James and Aphrodite Chrones
James (Demetrios) was born in Gortsia, Sparta, Greece on 8/29/1889. He arrived in Hawaii in 1907 and went to the Big Island of Hawaii to work for George Lycurgus. In 1927, he returned to Greece to see his mother and there married Aphrodite Coumandarakis, returning to Hawaii in 1928. Jim and Aphrodite settled in Honolulu. He and his brother George purchased a couple of lunch wagons before purchasing the Monte Carlo Restaurant on Hotel Street between Fort Street and Bethel. They also leased the Cafeteria at Pearl Harbor. James was born Demetrios, but changed his name to James to be more American.
Every Friday, James would go home early from Pearl Harbor taking ice cream for the children. When his came went up the driveway, the children would run outside yelling, “you scream, I scream, we all scream for ice cream.”
In the 1930’s, Jim, in order to make ends meet, raised chickens in the backyard. He’d collect and sell the eggs. He also was a beekeeper. When it was time to harvest the honey, the children would be on hand to get the honey comb to eat. Jim was also an avid gardener and whatever he planted grew. He had mango, citrus, flowers and avocadoes. A type of avocado was named for him. When he got rid of the chickens, he converted the chicken coop to a green house where he raised orchids.
After the bombing of Pearl Harbor, Jim was forced to sell the cafeteria back to the navy, but he continued to run it for the navy until they were able to find someone else to run it. He and his brother George continued to operate the Monte Carlo. Every Sunday, they held an open house for servicemen of Greek descent who enjoyed and appreciated the opportunity for Greek food and Greek dancing. Jim’s daughter, Catherine, met her future husband, George Bukes, at one of these open houses.
Aphrodite Coumandarakis was born in Voutianos, Sparta, Greece on 11/16/1898. When she was six, her mother died. Later she stayed home to care for her two brothers and four sisters. After her sisters married, she continued to maintain the home and to cook impressing Jim’s mother, who selected her as Jim’s bride.
When Aphrodite arrived in Hawaii it was difficult for her as she had no relatives here. Fortunately, there were other Greek women with whom she could speak. She was a homemaker taking care of her husband and daughter, Catherine, cooking and sewing. Julia Anastasopulos, was her koumbara as Julia was the Godmother of Catherine. Julia moved into the house next door and they went shopping together. To better learn the English language, they took classes at the YMCA on Richard’s St. and would go to the movies. Julie had a live-in maid who watched the children. Julia and Aphrodite often baked together and sometimes went to Pearl Harbor to bake their Vasilopita or Tsurekia making ten pounds at a time. It was easier for them as the ovens were huge and many. At home, they’d help each other make diples and baklava. They made their own filo, throwing it into the air and stretching it.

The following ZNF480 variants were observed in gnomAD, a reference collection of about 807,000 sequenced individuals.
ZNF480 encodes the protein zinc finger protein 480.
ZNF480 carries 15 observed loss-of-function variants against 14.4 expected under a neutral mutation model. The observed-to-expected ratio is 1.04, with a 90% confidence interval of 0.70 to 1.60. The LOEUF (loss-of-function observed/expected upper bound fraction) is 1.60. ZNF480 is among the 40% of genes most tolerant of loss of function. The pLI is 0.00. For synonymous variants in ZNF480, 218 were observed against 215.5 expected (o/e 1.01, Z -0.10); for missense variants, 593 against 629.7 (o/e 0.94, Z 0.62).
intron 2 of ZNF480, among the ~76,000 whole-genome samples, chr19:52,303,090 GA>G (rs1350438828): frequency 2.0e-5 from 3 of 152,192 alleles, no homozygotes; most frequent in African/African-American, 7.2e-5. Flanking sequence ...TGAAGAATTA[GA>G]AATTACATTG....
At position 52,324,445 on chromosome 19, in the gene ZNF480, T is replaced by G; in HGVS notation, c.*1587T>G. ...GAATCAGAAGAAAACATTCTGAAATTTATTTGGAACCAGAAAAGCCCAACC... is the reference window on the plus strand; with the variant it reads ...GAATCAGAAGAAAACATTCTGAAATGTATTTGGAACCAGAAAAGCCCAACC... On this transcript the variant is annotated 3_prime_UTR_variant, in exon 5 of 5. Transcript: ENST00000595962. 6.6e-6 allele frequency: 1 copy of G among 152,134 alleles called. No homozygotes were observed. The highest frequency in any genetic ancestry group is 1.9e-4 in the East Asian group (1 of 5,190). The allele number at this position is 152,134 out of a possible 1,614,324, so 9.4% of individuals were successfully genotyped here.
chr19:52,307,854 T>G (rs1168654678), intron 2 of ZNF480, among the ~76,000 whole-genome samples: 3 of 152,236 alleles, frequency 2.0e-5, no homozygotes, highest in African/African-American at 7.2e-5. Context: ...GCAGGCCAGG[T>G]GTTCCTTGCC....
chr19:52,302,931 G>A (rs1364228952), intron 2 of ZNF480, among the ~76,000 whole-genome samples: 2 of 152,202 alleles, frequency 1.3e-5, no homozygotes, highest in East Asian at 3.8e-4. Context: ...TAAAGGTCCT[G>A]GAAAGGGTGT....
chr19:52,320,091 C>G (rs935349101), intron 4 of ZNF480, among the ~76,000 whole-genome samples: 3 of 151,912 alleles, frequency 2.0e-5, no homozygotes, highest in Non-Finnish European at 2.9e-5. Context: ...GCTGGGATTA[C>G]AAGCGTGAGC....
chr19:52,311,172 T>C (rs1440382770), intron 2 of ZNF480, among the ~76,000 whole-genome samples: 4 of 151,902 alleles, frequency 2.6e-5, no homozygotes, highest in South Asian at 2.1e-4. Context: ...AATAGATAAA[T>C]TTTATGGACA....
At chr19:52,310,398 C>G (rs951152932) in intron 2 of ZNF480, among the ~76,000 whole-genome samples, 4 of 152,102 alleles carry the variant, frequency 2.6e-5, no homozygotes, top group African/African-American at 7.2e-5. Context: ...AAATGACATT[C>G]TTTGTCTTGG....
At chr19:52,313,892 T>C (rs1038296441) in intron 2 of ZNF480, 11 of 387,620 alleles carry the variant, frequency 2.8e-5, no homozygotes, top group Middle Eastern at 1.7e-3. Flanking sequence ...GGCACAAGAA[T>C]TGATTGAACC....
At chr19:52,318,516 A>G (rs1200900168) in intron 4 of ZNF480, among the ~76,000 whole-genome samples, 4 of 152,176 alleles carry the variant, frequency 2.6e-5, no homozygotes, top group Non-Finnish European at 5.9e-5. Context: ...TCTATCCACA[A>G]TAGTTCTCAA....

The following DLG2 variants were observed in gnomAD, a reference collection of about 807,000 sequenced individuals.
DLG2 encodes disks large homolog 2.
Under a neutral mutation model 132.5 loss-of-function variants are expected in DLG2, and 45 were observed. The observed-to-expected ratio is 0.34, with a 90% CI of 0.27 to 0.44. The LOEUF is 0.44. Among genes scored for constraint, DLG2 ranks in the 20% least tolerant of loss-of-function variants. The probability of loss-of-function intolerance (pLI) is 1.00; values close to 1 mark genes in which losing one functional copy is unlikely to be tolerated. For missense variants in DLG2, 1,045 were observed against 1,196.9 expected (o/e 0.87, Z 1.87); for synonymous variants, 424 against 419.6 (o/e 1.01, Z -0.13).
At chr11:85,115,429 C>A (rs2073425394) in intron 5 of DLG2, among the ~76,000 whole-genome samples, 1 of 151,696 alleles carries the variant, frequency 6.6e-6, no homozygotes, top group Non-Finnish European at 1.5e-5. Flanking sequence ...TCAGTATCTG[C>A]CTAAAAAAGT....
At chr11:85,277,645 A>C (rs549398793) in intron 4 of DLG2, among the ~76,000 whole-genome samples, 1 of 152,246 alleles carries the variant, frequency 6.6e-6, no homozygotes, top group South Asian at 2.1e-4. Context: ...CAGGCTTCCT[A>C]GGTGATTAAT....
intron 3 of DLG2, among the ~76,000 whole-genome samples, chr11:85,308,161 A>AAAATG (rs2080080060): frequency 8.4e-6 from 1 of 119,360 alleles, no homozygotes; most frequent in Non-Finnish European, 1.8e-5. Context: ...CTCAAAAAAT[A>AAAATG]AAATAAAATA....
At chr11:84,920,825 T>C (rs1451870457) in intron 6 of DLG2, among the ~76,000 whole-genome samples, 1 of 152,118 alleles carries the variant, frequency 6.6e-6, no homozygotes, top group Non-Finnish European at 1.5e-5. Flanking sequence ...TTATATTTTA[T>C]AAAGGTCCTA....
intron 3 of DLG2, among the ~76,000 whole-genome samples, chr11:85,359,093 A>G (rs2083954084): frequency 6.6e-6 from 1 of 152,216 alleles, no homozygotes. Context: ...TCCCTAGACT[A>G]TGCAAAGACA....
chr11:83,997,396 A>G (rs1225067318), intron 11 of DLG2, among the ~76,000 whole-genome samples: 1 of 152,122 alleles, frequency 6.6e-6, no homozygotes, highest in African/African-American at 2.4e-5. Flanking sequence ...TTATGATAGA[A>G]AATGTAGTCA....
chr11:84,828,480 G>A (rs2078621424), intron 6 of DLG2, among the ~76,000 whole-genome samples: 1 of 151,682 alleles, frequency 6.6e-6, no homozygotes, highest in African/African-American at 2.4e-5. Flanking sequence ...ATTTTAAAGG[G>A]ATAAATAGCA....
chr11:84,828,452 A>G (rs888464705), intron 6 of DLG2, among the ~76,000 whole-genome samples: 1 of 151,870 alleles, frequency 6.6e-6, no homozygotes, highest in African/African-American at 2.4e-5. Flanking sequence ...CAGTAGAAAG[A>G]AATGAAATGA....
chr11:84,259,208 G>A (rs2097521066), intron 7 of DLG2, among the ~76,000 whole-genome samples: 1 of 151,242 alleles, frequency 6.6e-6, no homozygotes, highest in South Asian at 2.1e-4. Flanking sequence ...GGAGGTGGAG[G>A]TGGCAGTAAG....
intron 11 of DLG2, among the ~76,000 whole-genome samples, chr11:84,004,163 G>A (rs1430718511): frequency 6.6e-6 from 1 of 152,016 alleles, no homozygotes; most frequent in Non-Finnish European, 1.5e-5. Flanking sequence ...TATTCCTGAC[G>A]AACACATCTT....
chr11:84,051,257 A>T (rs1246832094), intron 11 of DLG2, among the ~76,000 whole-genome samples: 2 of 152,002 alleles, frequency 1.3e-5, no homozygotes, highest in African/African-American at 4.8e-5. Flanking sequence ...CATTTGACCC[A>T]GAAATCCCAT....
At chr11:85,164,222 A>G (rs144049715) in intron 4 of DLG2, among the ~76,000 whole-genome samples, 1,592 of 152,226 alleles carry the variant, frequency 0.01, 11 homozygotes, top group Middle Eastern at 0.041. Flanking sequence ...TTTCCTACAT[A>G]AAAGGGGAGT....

After the bombing of Pearl Harbor, Dec. 7, 1941, Jim couldn’t leave Pearl Harbor as the cafeteria was constantly filled with service men. The civilian population was terrified that the Japanese would attack and overrun the island. With Jim rarely able to come home at night, Aphrodite and Catherine went to Julia’s house to sleep. Julia slept with a hatchet under her pillow until the Battle of Midway, the turning point of the war.
The Anastasopulos family dug a bomb shelter in their front yard, which was also used by Aphrodite and Catherine. One time when the sirens blew and the radio announcer said to take cover, it took Aphrodite a long time to come to the shelter. She arrived with a stack of blankets and was asked what took her so long. She replied, “the announcer said to take cover so I gathered the blankets.” The bomb shelter was well stocked. It had an icon and a bottle of bourbon.
Aphrodite was good with children. She loved them all. They called her Diti because they couldn’t pronounce her name. Each morning and after her afternoon nap, she would drink a cup of Greek coffee at her home where Julia or Thalia’s grandmother would join her or she would go to their homes. Jim had the green thumb but Aphrodite was a math whiz. She could solve a math problem in her head before anyone with a paper and a pencil.
When the community moved to 17 Old Pali Place, Jim and Aphrodite were extremely proud of their church. They always sat in the first row. They celebrated their 50th anniversary in 1977. Jim passed away on 11/29/1977 and Aphrodite 9/27/1984. Their legacy lives on.
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